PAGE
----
In a station in South Korea, you can see a row of brightly lit billboards along the platform with hundreds of pictures of food and drink – everything from vegetables and instant noodles to nappies and washing powder. Could this ‘virtual’ store be the future of shopping?
Image: Busy South Korean commuters can now do their shopping 'virtually'.
We are increasingly seeing the consumer’s shopping experience being revolutionised. The latest instalment that gives us a snapshot of what could be the future of retail is the new “Homeplus Smart Virtual Store” which opened in Seolleung subway station in Seoul, South Korea in March 2012.
What makes the shopping experience different? There are no actual products. Dubbed as the “fourth generation” retail stores of the future, customers use their smartphones to scan QR (Quick Response) codes via a mobile app and purchase household items and groceries whilst on the go. The products automatically land in your online cart and are delivered to your doorstep after you get home.
This probably looks familiar to you (the QR codes should at least be familiar territory for Lürzer’s Archive readers who can scan QR codes found on our magazine pages to watch TV, cinema and web commercials on their smartphone or tablet).
You will recognise the concept as one of the stars of Cannes 2011. The “Homeplus Subway Virtual Store” won South Korea its first ever Grand Prix in the media category at the festival. With Executive Creative Director Joungrack Lee and Creative Director Youna Chung at the helm, agency, Cheil Worldwide, conceived the idea to get an edge over other supermarkets.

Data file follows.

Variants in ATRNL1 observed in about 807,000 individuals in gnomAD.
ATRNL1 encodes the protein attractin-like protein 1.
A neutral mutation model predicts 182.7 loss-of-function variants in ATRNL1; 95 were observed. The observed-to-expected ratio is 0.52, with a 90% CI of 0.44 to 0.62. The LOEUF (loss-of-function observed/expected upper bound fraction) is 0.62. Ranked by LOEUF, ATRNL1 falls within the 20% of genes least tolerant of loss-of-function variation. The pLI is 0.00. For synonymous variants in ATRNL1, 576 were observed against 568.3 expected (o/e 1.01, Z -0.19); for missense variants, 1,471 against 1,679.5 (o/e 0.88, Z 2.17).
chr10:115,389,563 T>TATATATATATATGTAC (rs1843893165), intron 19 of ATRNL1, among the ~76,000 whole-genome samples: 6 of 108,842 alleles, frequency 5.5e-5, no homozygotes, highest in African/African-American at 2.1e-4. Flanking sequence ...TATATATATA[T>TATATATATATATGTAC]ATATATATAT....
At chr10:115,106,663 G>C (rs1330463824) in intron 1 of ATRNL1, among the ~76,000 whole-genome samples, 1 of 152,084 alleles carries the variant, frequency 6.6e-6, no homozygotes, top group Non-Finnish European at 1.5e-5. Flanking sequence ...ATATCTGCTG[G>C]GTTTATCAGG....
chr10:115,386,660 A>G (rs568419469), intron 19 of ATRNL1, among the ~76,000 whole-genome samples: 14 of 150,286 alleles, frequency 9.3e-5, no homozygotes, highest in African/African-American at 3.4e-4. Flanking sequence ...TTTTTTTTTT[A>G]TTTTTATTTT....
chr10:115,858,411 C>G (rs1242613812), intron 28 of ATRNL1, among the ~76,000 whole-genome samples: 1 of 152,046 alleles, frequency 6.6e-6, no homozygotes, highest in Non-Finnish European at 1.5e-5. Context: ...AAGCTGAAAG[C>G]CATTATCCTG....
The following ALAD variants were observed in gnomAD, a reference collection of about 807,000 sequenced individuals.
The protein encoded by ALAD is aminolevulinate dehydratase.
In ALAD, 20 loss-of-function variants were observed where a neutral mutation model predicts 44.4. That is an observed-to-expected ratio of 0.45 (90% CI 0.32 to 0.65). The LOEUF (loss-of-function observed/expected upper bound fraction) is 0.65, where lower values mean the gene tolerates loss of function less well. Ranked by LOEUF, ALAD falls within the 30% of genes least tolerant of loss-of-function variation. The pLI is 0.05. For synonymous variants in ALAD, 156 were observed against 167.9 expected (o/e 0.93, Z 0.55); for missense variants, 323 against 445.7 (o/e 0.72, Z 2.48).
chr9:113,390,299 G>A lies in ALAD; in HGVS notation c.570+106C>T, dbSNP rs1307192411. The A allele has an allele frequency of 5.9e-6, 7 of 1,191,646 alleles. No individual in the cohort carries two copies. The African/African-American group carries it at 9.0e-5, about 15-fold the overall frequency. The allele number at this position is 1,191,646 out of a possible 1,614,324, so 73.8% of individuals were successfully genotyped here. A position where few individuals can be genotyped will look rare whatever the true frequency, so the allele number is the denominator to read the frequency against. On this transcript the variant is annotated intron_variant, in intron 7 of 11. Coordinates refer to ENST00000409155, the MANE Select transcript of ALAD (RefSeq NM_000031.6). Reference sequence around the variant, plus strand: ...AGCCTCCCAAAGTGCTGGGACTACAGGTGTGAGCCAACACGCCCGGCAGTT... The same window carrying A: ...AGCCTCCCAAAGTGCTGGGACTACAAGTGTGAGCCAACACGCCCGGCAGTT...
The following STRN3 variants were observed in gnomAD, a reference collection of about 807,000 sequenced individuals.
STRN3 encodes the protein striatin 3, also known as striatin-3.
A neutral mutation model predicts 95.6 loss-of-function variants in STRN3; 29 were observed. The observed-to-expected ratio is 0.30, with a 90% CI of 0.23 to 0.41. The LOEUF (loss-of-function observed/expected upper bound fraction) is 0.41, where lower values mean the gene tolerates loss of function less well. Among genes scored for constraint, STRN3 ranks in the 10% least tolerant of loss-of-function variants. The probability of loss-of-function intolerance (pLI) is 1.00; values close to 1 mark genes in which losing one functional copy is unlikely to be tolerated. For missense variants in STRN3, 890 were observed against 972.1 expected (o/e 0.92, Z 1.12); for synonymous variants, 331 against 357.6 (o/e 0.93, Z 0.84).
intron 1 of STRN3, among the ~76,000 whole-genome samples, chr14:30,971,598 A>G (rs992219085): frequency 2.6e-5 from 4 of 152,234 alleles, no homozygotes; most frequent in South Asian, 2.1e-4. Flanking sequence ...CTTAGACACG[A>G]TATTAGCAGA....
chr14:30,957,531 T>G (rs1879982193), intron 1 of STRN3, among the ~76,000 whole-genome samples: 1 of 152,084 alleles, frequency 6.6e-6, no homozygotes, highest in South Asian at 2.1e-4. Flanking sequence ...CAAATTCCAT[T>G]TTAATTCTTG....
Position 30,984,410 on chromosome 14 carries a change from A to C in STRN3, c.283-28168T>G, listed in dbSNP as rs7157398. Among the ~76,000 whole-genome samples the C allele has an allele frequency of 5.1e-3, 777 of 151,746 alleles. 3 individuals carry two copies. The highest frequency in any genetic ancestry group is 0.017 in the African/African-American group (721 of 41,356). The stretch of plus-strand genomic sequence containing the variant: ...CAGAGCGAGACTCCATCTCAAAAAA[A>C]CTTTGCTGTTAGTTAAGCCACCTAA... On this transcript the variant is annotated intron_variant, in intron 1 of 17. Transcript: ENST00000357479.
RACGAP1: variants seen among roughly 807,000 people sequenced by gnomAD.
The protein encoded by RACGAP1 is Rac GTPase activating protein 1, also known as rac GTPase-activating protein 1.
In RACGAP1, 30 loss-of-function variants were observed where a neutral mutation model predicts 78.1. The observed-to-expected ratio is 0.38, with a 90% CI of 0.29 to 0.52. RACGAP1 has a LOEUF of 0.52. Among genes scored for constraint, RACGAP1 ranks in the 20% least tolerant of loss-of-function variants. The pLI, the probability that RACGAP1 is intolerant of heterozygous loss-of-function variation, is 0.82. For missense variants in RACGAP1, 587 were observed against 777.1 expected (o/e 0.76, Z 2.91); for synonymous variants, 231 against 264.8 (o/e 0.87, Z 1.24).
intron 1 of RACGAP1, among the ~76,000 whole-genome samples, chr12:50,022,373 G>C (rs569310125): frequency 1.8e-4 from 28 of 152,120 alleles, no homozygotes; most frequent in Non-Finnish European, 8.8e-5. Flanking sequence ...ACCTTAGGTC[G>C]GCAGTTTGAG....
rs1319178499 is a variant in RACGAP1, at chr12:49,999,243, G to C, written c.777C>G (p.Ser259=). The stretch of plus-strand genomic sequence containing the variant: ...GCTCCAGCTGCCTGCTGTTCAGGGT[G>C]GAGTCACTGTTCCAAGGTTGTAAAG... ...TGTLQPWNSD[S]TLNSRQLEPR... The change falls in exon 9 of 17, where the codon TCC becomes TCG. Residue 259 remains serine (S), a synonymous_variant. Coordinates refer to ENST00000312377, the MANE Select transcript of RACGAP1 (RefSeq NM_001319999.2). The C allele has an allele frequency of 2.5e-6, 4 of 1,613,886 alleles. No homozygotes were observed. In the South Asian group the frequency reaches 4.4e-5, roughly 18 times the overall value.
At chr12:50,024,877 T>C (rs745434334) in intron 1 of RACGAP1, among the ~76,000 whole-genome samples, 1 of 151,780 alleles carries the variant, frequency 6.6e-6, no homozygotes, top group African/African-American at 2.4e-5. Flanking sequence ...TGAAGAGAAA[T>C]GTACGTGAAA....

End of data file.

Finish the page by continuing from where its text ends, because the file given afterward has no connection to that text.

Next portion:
Instead of trying to persuade consumers to visit the store, the outdoor campaign brought the store to busy people by recreating lifelike images of shopping aisles in subway stations, merchandised in the same way as in an actual supermarket. User engagement reached just over 10,000 people, but online sales increased by a tremendous 130 per cent (November 2010 - January 2011).
At the beginnings of the campaign, Homeplus CEO Lee Seung-han said they chose Seollung station for its trial store because over 200,000 commuters use it every day. As well as this, the number of smartphone users is expected to accelerate in the latter half of 2012, according to the Korea Communications Commission, and smartphones are usually used at subway and bus stations (In 2011, the Wall Street Journal reported that the number of smartphone subscribers in South Korea had passed ten million, up from just a few hundred thousand in 2009).
Time will only tell as to whether this concept will work in other countries. South Korea is a very unique market where even the most powerful global corporations can fail miserably in the Korean market. In 2006, multinational retailer Wal-Mart and French hypermarket chain Carrefour had to pack their bags and leave.
Homeplus is owned by is South Korea’s second largest discount retail chain and is number one in the online market.
Video: "Homeplus Subway Virtual Store" by Cheil Worldwide won South Korea its first Grand Prix at Cannes 2011.
Image: "Homeplus Subway Virtual Store" outdoor campaign by Cheil Worldwide in 2011
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